This is a complex tale. It is tricky to even spot this dataset being disclosed in the debate in Parliament let alone unpick its history and understand the impact.

A simpler way to consider the data is using the Open Data Institute’s data spectrum.

Data spectrum image by the Open Data Institute. The circles represent datasets.

Communications companies need CDRs to provide services and bill customers. The CDRs used for billing would be in the internal access part of the spectrum: it is only accessible by the communications company (1). The Information Commissioner’s Office regulates that the data is kept securely. Customers understand that the dataset exists and receive a derived version in the form of their personal telephone bill (2).

The data that is retained by communications companies to meet their requirements under RIPA and the dataset that is gathered and retained by the intelligence services under the newly disclosed powers are different datasets. They are also derivatives of the internal access dataset that is used to provide services and bill customers.

The RIPA dataset sits within the named access part of the data spectrum (3): it is maintained by the communications company who provide access to authorised public sector organisations. IOCCO’s function as regulator is to verify and report that all parties are are complying with the rules under which Named Access is permitted.

It is unclear whether the dataset newly disclosed by the IP bill is gathered directly by intelligence agencies or provided to them by communications companies. It could be internal access or named access on the data spectrum (4).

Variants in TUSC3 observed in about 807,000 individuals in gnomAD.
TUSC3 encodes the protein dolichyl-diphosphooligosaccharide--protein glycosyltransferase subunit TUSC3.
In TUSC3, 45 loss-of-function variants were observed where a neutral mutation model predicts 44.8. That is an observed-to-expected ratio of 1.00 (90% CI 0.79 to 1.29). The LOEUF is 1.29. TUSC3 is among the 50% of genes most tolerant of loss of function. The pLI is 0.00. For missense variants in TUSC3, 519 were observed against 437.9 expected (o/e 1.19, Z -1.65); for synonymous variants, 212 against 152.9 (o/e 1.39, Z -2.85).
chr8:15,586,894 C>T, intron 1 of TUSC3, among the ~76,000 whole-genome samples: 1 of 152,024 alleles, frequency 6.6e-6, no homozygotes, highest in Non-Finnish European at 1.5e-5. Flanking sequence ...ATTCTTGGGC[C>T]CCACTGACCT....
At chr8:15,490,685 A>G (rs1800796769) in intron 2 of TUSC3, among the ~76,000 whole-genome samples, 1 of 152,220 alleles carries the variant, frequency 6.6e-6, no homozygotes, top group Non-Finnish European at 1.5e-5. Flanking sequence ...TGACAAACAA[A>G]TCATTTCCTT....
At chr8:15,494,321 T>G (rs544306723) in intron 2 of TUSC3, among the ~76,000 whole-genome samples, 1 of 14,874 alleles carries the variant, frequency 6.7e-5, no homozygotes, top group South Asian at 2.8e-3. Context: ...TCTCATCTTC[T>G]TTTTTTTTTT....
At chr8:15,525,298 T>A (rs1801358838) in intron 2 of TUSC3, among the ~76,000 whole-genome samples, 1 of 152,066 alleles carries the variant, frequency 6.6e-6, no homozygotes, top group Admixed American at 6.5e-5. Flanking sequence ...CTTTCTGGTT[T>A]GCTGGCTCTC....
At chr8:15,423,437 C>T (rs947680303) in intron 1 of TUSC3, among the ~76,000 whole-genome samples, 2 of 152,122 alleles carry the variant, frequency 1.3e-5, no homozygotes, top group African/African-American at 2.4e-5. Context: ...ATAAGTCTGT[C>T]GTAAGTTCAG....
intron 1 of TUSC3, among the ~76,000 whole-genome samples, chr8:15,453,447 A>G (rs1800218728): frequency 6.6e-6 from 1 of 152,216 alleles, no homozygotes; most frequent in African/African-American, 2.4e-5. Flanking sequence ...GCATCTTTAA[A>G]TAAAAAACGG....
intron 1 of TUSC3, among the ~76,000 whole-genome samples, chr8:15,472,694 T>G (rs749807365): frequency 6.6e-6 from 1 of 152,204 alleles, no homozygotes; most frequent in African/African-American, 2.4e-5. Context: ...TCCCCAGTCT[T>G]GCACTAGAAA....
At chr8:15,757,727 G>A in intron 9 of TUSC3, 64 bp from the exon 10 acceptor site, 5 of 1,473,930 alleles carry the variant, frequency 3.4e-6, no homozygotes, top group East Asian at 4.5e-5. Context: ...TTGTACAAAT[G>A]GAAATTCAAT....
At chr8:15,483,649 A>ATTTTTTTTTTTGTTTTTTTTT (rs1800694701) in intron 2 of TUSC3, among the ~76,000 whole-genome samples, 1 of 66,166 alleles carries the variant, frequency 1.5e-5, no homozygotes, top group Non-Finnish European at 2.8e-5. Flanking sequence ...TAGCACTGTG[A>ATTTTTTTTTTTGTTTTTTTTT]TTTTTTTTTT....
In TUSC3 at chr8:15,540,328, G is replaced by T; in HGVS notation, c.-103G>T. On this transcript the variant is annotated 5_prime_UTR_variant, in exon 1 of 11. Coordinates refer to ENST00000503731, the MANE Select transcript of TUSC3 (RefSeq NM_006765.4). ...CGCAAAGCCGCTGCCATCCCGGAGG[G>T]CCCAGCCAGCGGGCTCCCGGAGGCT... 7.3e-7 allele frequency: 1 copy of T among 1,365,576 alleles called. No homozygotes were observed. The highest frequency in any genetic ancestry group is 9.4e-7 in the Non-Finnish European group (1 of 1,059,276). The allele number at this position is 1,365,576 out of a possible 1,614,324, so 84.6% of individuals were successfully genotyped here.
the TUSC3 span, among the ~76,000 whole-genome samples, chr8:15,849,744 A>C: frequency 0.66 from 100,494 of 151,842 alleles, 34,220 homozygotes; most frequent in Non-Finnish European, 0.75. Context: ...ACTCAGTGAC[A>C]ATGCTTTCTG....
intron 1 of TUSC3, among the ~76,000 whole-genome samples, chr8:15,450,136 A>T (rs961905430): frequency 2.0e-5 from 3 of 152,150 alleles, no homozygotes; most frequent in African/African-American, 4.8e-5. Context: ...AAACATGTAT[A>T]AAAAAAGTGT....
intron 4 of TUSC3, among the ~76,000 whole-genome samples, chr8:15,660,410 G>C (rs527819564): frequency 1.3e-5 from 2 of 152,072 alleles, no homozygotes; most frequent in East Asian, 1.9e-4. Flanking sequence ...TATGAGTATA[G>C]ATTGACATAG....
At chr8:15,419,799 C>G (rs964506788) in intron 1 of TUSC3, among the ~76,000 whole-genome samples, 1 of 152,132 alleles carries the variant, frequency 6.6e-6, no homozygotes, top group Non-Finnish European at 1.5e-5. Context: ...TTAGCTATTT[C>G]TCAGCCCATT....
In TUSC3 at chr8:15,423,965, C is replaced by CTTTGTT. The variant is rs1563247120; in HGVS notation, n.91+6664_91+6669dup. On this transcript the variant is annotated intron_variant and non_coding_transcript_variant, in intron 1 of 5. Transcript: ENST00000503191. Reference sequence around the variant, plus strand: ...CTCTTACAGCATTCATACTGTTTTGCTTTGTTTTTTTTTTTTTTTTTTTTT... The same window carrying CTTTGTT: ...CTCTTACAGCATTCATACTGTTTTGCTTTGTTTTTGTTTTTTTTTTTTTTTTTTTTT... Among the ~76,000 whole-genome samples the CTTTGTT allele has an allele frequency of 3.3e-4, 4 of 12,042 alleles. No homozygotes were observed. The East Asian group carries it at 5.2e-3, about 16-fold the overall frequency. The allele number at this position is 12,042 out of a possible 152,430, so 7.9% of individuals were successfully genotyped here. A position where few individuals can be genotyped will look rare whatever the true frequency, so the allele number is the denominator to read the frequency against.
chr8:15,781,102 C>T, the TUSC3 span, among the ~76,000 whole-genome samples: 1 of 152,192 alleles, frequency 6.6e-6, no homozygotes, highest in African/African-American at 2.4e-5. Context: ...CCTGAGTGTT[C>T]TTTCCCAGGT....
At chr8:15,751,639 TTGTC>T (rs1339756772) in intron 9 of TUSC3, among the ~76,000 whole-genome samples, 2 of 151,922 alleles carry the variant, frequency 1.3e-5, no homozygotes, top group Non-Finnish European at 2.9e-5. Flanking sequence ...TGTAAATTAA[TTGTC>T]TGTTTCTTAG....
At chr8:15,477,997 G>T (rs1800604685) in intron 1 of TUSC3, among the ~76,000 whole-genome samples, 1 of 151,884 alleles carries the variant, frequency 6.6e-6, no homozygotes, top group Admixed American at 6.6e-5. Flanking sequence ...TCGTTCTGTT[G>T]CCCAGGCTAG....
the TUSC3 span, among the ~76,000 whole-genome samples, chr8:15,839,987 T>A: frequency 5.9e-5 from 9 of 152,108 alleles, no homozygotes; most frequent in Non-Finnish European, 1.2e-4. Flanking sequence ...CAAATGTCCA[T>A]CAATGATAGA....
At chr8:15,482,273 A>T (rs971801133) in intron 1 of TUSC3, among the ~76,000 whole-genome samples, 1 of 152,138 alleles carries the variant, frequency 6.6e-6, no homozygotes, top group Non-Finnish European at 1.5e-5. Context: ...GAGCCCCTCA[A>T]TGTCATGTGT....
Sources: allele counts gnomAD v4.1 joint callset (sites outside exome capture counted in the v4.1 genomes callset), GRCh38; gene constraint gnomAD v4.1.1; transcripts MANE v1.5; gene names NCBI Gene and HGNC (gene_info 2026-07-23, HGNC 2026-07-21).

Coupled with a historic lack of visibility and independent scrutiny it is difficult for people commenting on the draft of the IP bill to understand some key questions about this dataset. Does the bill provide an appropriate level of regulatory scrutiny? Has the data proved operationally useful to the intelligence services since it was first collected in 2001? Has it, like that accessed under RIPA, been misused?

Internet Connection Records

The second dataset we will consider is Internet Connection Records (ICRs). The intelligence services have informed government that they need access to this new dataset to protect our security. The IP Bill requires communication companies to gather ICRs, retain them and provide access on request.

In the draft bill the ICR definition is loose and no example is given of precisely what it might look like and contain. It is clear that ICRs will contain a level of metadata for internet usage: i.e. which websites are accessed and when.

Data spectrum image by the Open Data Institute. The circles represent datasets.

Communications companies need to temporarily use this data to connect customers to websites (5). They may retain an aggregated form of the data to understand the behaviour of their customers and help with marketing and network management. They are unlikely to retain detailed data due to the cost of gathering and securely retaining, the risk that would be identified by a privacy impact assessment and the low value to their business.

Under the IP bill communications providers are asked to derive and retain ICRs for all of their customers (6). Like the RIPA datasets this would be held by the communications company but provided to police and intelligence services on request. This is a dataset in the named access part of the data spectrum.